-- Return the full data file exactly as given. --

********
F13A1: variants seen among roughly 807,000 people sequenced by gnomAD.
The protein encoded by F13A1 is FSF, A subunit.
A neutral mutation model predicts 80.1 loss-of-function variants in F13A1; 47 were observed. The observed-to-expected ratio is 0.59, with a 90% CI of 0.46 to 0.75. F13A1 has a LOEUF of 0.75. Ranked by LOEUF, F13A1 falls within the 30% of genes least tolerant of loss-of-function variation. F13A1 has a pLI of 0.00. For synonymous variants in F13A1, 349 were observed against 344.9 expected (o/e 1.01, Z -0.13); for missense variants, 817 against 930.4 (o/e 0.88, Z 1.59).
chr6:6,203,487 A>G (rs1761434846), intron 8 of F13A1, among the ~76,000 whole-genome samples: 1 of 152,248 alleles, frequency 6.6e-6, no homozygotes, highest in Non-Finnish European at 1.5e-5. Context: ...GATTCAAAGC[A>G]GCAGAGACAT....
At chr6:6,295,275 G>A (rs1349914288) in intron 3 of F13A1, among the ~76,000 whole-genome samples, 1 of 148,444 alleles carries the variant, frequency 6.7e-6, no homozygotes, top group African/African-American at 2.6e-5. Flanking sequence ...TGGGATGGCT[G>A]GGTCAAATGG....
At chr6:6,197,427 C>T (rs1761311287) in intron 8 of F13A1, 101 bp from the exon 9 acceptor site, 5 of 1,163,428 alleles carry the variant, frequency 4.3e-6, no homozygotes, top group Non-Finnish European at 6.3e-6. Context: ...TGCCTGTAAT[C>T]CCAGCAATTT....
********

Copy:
F13A1: variants seen among roughly 807,000 people sequenced by gnomAD.
The protein encoded by F13A1 is FSF, A subunit.
A neutral mutation model predicts 80.1 loss-of-function variants in F13A1; 47 were observed. The observed-to-expected ratio is 0.59, with a 90% CI of 0.46 to 0.75. F13A1 has a LOEUF of 0.75. Ranked by LOEUF, F13A1 falls within the 30% of genes least tolerant of loss-of-function variation. F13A1 has a pLI of 0.00. For synonymous variants in F13A1, 349 were observed against 344.9 expected (o/e 1.01, Z -0.13); for missense variants, 817 against 930.4 (o/e 0.88, Z 1.59).
chr6:6,203,487 A>G (rs1761434846), intron 8 of F13A1, among the ~76,000 whole-genome samples: 1 of 152,248 alleles, frequency 6.6e-6, no homozygotes, highest in Non-Finnish European at 1.5e-5. Context: ...GATTCAAAGC[A>G]GCAGAGACAT....
At chr6:6,295,275 G>A (rs1349914288) in intron 3 of F13A1, among the ~76,000 whole-genome samples, 1 of 148,444 alleles carries the variant, frequency 6.7e-6, no homozygotes, top group African/African-American at 2.6e-5. Flanking sequence ...TGGGATGGCT[G>A]GGTCAAATGG....
At chr6:6,197,427 C>T (rs1761311287) in intron 8 of F13A1, 101 bp from the exon 9 acceptor site, 5 of 1,163,428 alleles carry the variant, frequency 4.3e-6, no homozygotes, top group Non-Finnish European at 6.3e-6. Context: ...TGCCTGTAAT[C>T]CCAGCAATTT....